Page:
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Shattering mindsets

Violence against women, in its many forms, has long ceased to be a private matter.

Shattering mindsets

It is indeed a public issue, a national concern, that is no longer confined to the walls of the home.

We are now in the thick of the 18-day campaign to end violence against women, observed from Nov. 25 to Dec. 12. According to the Philippine Commission on Women, the campaign expresses support to the government’s goal to protect the human rights of women and to address all forms of gender-based violence.

The numbers from the National Demographic and Health Survey paint an alarming scenario. In 2017, one in four—26 percent—of the 11,558 ever-married Filipino women aged 15 to 49 surveyed has experienced physical, sexual or emotional violence committed by their husband or partner.

Statistics of the police, social workers and health workers only reflect cases that are actually reported to them.

The theme of the commemoration is “VAW-free community starts with me”—emphasizing that everyone, not only the victims and their childlren, has a stake in combating domestic violence.

But beyond calendar commemorations, people must realize that violence against women—and the culture of silence and passive acceptance that comes with it—has deep-seated roots that must first be acknowledged before they can be addressed.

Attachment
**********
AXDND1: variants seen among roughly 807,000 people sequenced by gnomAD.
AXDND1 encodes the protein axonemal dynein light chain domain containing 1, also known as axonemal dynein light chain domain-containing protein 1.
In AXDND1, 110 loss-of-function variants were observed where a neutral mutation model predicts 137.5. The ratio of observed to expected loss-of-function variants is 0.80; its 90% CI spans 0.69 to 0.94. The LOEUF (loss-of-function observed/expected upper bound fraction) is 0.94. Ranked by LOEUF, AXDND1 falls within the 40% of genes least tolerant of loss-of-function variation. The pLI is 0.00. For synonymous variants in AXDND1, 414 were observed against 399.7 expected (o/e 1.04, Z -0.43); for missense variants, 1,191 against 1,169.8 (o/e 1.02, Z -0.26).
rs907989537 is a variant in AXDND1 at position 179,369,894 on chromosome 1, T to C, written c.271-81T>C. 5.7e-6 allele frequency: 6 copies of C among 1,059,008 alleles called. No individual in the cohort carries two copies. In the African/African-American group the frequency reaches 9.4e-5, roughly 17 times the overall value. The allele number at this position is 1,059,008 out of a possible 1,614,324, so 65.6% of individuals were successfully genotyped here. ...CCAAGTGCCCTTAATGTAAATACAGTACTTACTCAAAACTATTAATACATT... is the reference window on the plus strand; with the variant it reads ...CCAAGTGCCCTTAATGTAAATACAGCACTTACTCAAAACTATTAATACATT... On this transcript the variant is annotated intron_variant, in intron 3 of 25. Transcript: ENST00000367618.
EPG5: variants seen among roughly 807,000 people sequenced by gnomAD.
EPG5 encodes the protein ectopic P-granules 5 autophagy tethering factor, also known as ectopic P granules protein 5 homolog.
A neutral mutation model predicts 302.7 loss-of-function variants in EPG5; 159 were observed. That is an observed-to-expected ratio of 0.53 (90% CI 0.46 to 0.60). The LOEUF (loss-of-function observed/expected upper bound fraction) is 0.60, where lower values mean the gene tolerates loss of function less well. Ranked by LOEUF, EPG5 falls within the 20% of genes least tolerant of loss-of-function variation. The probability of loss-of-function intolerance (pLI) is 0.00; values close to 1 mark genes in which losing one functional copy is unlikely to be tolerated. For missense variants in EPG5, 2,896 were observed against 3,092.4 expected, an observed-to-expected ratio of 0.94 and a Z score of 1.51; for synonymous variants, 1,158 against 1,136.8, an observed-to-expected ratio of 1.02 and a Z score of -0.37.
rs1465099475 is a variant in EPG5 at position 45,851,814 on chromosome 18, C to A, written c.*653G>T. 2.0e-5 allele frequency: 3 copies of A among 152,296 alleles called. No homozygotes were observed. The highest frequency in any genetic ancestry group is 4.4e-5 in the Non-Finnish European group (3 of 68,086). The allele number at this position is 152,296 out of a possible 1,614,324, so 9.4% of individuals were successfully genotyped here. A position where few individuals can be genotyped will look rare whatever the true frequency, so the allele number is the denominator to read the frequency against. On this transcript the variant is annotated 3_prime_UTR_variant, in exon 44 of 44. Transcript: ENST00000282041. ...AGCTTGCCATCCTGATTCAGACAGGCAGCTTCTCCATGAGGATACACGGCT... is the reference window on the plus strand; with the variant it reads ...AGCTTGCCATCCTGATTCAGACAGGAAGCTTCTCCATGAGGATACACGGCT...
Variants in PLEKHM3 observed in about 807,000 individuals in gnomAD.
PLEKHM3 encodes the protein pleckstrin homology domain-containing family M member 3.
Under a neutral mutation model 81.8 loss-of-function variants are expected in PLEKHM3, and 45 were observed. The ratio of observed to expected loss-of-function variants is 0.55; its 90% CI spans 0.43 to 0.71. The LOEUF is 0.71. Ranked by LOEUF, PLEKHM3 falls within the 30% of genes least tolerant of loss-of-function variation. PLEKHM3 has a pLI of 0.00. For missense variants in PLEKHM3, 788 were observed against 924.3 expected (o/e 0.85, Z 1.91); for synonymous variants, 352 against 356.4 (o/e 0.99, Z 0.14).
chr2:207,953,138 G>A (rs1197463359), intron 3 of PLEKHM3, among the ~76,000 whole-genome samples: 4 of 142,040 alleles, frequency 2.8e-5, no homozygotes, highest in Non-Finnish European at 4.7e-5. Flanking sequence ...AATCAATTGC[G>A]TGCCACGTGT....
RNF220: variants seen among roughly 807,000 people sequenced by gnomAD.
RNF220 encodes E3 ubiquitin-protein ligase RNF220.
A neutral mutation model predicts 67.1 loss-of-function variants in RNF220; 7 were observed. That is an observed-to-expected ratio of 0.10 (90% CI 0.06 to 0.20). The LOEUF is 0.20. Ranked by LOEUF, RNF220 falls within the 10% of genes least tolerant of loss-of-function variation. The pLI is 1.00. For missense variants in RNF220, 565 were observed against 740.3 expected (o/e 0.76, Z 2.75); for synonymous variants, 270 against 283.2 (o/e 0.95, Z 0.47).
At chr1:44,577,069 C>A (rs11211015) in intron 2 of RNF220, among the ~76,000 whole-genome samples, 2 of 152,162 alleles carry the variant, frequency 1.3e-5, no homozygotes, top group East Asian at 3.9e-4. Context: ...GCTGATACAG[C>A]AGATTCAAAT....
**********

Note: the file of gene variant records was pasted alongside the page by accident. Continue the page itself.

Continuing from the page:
They come from traditional ways of thinking that, for instance, violence is a way to “discipline” women, or that it is a wife’s duty to tolerate her partner’s gross behavior, that marriages are religiously ordained and thus inviolable at all costs, or that sex is an obligation that must be performed on demand.

These mindsets may have been acceptable decades ago, so it comes as a shock that acts of violence continue to happen today, even in the most progressive of communities and families.

That women must be “sheltered” and “protected” from their abusers is also an outdated view. The best way the larger community can help is to empower women to know better, to know their rights and stand up for themselves, and to realize they have options and that they are not irrevocably bound to their abusers.

The campaign lasts for 18 days, but every day is an opportunity to enlighten somebody—a friend, an acquaintance, a total stranger—that there is absolutely no justification for violence and that it must never be tolerated, not even from those they love.

Topics: Philippine Commission on Women , Violence , National Demographic and Health Survey , Women , Men
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